Xinhua Net published an interview with Steve Leonard, founding CEO of SGInnovate, where he shared that AI would be able to solve some of the big problems the world has. According to him, AI should be viewed as a set of tools which are both inevitable and important. Steve pointed out that while there’s a lot of technology focussed on consumer convenience, he believed that we need to be utilising tools such as AI to deal with hard problems and life or death problems. To that end, SGInnovate has invested in one Australian deep tech company, See-Mode, which uses computer vision and AI tools to run a series of models that gives us new insights and helps us know more accurately the people we have to keep a special eye on or to provide a different level of care for. Steve added that Australia is moving forward and has the opportunity to be a significant leader in AI technology.
Australian Financial Review published an article based on an interview with SGInnovate’s Founding CEO, Steve Leonard, who is in Australia this week meeting with Victorian state government officials and local Deep Tech startups, setting up networks down under to help support local scientists looking to commercialise research so they can do business with Singapore. While Steve doesn’t disclose the size of SGInnovate’s fund, the organisation has deployed AU$42 million in capital into about 65 investments since its launch, which has gone on to raise another AU$458 million. Because most of the companies SGInnovate backs are pre-revenue and usually don’t have a business plan, the team bases the investment decisions on the personalities and experience of the founders. “Talking far-edge, Deep Tech, it’s about as deep as you can get. We have no idea if it’s going to be successful or not, we can’t sit down and calculate the probabilities, but we believe in the founders… and if they’re right it will be something we’re sitting down chatting about in 10 years,” he said. Two Deep Tech startups with presence in the Australia market that SGInnovate has backed are computer vision company See-Mode, and non-chemical water purification company Hydroleap.
Holmes Report reported that the impact of AI on communications will be discussed at the 2019 Asia-Pacific IN2 Innovation Summit, which will take place in Singapore on 12 September. According to a recent Deloitte survey, 76 percent of executives said they expected AI to “substantially transform” their companies within three years. Vic Sithanasan, chief growth officer at AI startup Hyperlab, will be joined by SGInnovate deputy director of communications Grace Chiang and BCW Asia-Pacific digital innovation head Joe Peng, for a session focusing on how AI is changing the way humans communicate, and the role that communications practitioners must play in the adoption of this technology.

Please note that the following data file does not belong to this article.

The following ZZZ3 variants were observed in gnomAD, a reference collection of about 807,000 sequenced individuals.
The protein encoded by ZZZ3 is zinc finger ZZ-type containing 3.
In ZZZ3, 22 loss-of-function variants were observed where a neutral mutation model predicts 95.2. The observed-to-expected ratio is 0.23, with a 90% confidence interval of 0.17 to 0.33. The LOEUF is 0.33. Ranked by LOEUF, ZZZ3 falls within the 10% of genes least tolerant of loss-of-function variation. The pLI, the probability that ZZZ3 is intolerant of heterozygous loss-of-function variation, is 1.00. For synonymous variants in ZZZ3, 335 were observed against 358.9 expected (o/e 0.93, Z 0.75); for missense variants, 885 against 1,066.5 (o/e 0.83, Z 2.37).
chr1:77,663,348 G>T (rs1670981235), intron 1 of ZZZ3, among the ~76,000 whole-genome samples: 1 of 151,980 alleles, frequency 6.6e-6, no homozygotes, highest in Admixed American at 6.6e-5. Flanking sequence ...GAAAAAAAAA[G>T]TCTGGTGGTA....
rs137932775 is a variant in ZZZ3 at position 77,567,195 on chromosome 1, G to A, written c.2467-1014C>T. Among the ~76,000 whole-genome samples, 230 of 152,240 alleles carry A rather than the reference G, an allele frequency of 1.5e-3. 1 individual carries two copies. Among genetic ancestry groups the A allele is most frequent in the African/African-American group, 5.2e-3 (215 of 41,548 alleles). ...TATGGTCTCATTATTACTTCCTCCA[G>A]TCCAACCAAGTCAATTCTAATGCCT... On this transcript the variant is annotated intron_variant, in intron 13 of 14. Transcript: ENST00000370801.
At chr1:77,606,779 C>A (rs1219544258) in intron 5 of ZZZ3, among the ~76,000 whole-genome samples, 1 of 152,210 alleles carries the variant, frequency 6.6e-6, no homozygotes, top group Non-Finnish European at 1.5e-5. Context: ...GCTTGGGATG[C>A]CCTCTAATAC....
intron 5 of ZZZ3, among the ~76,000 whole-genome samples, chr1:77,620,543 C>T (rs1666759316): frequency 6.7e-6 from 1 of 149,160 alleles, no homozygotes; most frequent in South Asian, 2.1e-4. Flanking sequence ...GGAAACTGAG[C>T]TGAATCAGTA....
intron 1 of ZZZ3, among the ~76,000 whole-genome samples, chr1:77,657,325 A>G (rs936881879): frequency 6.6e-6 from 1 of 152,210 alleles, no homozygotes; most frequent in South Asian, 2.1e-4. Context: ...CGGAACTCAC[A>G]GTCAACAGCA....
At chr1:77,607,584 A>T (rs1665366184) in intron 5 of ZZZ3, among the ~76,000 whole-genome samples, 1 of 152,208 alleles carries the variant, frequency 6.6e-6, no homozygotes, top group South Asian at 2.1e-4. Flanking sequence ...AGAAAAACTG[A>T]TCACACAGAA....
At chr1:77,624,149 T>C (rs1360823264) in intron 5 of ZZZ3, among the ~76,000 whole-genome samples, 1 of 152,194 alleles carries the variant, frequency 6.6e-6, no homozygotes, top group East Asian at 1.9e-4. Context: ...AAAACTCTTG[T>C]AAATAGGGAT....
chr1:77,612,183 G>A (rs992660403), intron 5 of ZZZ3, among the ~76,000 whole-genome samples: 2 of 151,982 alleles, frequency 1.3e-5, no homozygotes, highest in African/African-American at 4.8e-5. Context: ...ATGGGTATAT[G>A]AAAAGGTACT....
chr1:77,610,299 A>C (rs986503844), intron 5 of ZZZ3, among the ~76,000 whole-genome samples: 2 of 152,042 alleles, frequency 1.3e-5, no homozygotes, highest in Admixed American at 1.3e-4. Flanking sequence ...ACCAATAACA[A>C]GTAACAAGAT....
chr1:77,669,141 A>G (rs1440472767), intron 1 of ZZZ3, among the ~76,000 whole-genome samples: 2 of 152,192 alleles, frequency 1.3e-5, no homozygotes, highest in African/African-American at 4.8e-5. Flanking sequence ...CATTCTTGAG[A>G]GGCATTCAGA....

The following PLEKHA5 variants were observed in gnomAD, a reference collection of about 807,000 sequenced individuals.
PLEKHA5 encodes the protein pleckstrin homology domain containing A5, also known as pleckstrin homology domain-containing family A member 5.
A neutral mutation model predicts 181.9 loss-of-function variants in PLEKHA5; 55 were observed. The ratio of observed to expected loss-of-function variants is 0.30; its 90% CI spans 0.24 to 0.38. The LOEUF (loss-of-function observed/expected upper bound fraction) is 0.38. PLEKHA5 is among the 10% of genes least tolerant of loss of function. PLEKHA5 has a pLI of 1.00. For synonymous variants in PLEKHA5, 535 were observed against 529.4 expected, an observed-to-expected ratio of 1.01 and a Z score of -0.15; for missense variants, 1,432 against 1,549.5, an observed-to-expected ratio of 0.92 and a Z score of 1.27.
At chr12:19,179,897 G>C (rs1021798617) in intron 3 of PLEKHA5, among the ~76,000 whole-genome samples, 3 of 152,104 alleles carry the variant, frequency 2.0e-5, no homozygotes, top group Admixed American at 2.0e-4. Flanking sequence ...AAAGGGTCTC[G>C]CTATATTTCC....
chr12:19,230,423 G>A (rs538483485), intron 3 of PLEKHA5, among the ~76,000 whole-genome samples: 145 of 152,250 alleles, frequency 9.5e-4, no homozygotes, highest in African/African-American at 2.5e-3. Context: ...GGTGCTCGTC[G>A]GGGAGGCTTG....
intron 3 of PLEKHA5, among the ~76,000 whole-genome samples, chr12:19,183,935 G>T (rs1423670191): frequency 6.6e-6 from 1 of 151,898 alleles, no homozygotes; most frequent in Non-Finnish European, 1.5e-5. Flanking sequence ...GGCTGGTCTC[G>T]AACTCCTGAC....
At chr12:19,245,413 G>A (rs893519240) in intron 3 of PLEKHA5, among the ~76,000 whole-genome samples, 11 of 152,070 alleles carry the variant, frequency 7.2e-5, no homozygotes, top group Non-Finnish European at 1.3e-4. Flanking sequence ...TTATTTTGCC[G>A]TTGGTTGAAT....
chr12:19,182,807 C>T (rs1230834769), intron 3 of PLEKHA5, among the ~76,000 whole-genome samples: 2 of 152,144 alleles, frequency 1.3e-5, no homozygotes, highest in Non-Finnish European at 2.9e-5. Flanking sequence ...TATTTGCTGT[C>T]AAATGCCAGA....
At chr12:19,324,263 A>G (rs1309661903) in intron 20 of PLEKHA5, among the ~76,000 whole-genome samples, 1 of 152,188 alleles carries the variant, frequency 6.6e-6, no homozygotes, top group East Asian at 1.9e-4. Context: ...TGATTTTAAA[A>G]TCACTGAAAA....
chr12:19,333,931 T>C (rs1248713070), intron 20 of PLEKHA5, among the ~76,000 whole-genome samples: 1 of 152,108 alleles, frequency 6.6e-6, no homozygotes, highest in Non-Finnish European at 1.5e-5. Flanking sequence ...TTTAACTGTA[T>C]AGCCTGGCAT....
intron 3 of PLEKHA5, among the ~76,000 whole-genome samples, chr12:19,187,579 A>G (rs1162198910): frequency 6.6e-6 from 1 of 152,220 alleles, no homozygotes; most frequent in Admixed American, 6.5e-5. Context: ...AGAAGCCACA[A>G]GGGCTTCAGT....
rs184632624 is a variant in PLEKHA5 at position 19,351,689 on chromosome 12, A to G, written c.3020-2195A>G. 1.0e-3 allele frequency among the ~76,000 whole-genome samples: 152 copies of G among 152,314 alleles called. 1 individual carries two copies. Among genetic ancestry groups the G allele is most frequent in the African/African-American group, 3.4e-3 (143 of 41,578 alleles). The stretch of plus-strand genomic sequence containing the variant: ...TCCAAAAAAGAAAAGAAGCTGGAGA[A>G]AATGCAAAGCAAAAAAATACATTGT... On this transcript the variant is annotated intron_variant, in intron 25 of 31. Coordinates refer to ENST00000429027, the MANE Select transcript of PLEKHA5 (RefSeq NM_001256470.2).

AIDA Technologies, a startup that uses Machine Learning to generate insights that help financial services companies make decisions, announced today that it has raised a Series A round from Mastercard, Kuok Ventures (belonging to the Kuok Group), and Singapore government-linked SGInnovate.
Jumpstart Magazine published an article on the deep tech trends to look out for in 2019, from an investment perspective. According to Hsien-Hui, while deep tech has become a hot topic in recent years, investors should remain careful about separating the wheat from the chaff.
- AI as a specialised problem-solver: 2019 will be the year for AI companies that are narrowly focused on specific processes to solve industry pain points to win big in the market, such as AIDA and Taiger. AI startup that identifies their target audience as everyone usually means that their revenue will likely be highly skewed on the service side, making them unable to scale and an unattractive investment to VCs.